How is horse­power mea­sured?

Science Illustrated - - ASK US -

The power of a car en­gine is mea­sured by means of metal rolls when the car’s driv­ing wheels are placed on the metal rolls. When the wheels ro­tate, the rolls ro­tate at the same speed. The ro­ta­tion is recorded by an in­stru­ment known as a dy­namome­ter, which reg­is­ters the wheels’ torque and ro­ta­tions per minute.

The data is used by a com­puter to cal­cu­late the HP of the en­gine based on a for­mula. 1 HP is the equiv­a­lent of about 736 watts – the phys­i­cal force needed to lift a mass of 75 kg 1 m ver­ti­cally above the ground in one sec­ond. In spite of the name, 1 HP is not the equiv­a­lent of the power of one horse. The an­i­mal can pro­duce 2.5-10 HP.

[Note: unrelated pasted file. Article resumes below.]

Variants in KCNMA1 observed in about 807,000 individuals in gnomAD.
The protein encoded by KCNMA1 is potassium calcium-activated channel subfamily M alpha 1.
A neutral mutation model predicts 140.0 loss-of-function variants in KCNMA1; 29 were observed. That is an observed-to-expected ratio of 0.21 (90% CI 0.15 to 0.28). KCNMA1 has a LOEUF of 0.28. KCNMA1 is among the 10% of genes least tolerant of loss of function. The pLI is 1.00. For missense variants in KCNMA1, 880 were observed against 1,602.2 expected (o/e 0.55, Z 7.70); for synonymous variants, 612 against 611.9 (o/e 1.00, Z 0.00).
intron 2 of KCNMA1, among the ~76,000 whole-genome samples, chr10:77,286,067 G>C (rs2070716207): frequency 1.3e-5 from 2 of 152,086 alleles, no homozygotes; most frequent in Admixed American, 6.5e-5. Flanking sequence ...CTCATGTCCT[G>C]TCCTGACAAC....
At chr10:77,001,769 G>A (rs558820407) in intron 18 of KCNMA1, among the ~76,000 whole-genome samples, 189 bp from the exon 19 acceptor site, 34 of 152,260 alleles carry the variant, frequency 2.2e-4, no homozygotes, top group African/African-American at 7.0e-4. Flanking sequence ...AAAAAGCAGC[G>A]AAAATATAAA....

Two ro­tat­ing metal rolls mea­sure the HP of a car en­gine.

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